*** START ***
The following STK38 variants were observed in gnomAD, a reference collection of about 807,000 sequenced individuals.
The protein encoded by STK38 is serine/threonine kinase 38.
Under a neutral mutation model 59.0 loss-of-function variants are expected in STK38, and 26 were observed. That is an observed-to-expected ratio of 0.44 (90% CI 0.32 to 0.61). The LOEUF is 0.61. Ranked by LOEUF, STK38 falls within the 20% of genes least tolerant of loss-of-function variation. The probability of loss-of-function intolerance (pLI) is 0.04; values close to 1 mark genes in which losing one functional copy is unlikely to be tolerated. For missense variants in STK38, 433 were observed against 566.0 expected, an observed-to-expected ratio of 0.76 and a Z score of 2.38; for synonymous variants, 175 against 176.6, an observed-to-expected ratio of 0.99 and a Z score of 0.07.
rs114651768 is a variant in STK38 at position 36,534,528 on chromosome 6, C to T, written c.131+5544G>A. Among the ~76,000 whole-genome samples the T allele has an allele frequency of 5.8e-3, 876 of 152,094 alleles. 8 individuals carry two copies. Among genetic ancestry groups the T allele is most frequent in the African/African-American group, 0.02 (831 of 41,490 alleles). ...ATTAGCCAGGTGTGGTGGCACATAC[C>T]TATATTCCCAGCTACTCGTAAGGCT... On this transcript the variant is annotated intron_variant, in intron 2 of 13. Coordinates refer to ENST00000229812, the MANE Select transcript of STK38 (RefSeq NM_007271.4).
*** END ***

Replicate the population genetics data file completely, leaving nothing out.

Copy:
The following STK38 variants were observed in gnomAD, a reference collection of about 807,000 sequenced individuals.
The protein encoded by STK38 is serine/threonine kinase 38.
Under a neutral mutation model 59.0 loss-of-function variants are expected in STK38, and 26 were observed. That is an observed-to-expected ratio of 0.44 (90% CI 0.32 to 0.61). The LOEUF is 0.61. Ranked by LOEUF, STK38 falls within the 20% of genes least tolerant of loss-of-function variation. The probability of loss-of-function intolerance (pLI) is 0.04; values close to 1 mark genes in which losing one functional copy is unlikely to be tolerated. For missense variants in STK38, 433 were observed against 566.0 expected, an observed-to-expected ratio of 0.76 and a Z score of 2.38; for synonymous variants, 175 against 176.6, an observed-to-expected ratio of 0.99 and a Z score of 0.07.
rs114651768 is a variant in STK38 at position 36,534,528 on chromosome 6, C to T, written c.131+5544G>A. Among the ~76,000 whole-genome samples the T allele has an allele frequency of 5.8e-3, 876 of 152,094 alleles. 8 individuals carry two copies. Among genetic ancestry groups the T allele is most frequent in the African/African-American group, 0.02 (831 of 41,490 alleles). ...ATTAGCCAGGTGTGGTGGCACATAC[C>T]TATATTCCCAGCTACTCGTAAGGCT... On this transcript the variant is annotated intron_variant, in intron 2 of 13. Coordinates refer to ENST00000229812, the MANE Select transcript of STK38 (RefSeq NM_007271.4).